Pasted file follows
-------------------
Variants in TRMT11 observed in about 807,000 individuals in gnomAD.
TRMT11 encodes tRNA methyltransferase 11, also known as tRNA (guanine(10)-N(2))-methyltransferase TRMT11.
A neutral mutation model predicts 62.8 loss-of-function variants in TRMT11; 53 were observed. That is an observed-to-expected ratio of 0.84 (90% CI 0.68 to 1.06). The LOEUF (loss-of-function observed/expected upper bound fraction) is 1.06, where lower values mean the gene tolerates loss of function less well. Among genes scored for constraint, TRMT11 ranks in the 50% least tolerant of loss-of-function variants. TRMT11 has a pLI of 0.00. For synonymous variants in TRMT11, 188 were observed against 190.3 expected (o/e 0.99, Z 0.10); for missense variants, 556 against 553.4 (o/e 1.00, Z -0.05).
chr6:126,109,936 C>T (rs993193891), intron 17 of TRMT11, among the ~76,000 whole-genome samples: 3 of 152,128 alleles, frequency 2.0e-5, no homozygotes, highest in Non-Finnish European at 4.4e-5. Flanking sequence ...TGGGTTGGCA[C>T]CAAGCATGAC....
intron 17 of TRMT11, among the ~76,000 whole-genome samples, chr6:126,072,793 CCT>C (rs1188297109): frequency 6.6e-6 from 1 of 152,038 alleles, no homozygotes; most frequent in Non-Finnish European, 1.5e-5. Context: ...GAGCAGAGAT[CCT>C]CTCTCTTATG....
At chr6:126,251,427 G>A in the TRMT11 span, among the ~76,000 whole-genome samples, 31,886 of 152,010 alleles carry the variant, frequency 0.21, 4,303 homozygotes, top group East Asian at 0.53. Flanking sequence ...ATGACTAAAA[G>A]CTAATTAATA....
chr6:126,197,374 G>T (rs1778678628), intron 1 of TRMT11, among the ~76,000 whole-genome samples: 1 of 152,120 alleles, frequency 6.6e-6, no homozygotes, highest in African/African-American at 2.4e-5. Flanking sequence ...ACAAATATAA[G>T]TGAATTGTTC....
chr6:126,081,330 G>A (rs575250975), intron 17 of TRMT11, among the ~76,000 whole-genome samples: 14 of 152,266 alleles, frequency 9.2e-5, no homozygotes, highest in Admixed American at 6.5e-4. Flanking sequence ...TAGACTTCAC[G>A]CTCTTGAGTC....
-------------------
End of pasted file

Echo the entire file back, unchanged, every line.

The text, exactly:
Variants in TRMT11 observed in about 807,000 individuals in gnomAD.
TRMT11 encodes tRNA methyltransferase 11, also known as tRNA (guanine(10)-N(2))-methyltransferase TRMT11.
A neutral mutation model predicts 62.8 loss-of-function variants in TRMT11; 53 were observed. That is an observed-to-expected ratio of 0.84 (90% CI 0.68 to 1.06). The LOEUF (loss-of-function observed/expected upper bound fraction) is 1.06, where lower values mean the gene tolerates loss of function less well. Among genes scored for constraint, TRMT11 ranks in the 50% least tolerant of loss-of-function variants. TRMT11 has a pLI of 0.00. For synonymous variants in TRMT11, 188 were observed against 190.3 expected (o/e 0.99, Z 0.10); for missense variants, 556 against 553.4 (o/e 1.00, Z -0.05).
chr6:126,109,936 C>T (rs993193891), intron 17 of TRMT11, among the ~76,000 whole-genome samples: 3 of 152,128 alleles, frequency 2.0e-5, no homozygotes, highest in Non-Finnish European at 4.4e-5. Flanking sequence ...TGGGTTGGCA[C>T]CAAGCATGAC....
intron 17 of TRMT11, among the ~76,000 whole-genome samples, chr6:126,072,793 CCT>C (rs1188297109): frequency 6.6e-6 from 1 of 152,038 alleles, no homozygotes; most frequent in Non-Finnish European, 1.5e-5. Context: ...GAGCAGAGAT[CCT>C]CTCTCTTATG....
At chr6:126,251,427 G>A in the TRMT11 span, among the ~76,000 whole-genome samples, 31,886 of 152,010 alleles carry the variant, frequency 0.21, 4,303 homozygotes, top group East Asian at 0.53. Flanking sequence ...ATGACTAAAA[G>A]CTAATTAATA....
chr6:126,197,374 G>T (rs1778678628), intron 1 of TRMT11, among the ~76,000 whole-genome samples: 1 of 152,120 alleles, frequency 6.6e-6, no homozygotes, highest in African/African-American at 2.4e-5. Flanking sequence ...ACAAATATAA[G>T]TGAATTGTTC....
chr6:126,081,330 G>A (rs575250975), intron 17 of TRMT11, among the ~76,000 whole-genome samples: 14 of 152,266 alleles, frequency 9.2e-5, no homozygotes, highest in Admixed American at 6.5e-4. Flanking sequence ...TAGACTTCAC[G>A]CTCTTGAGTC....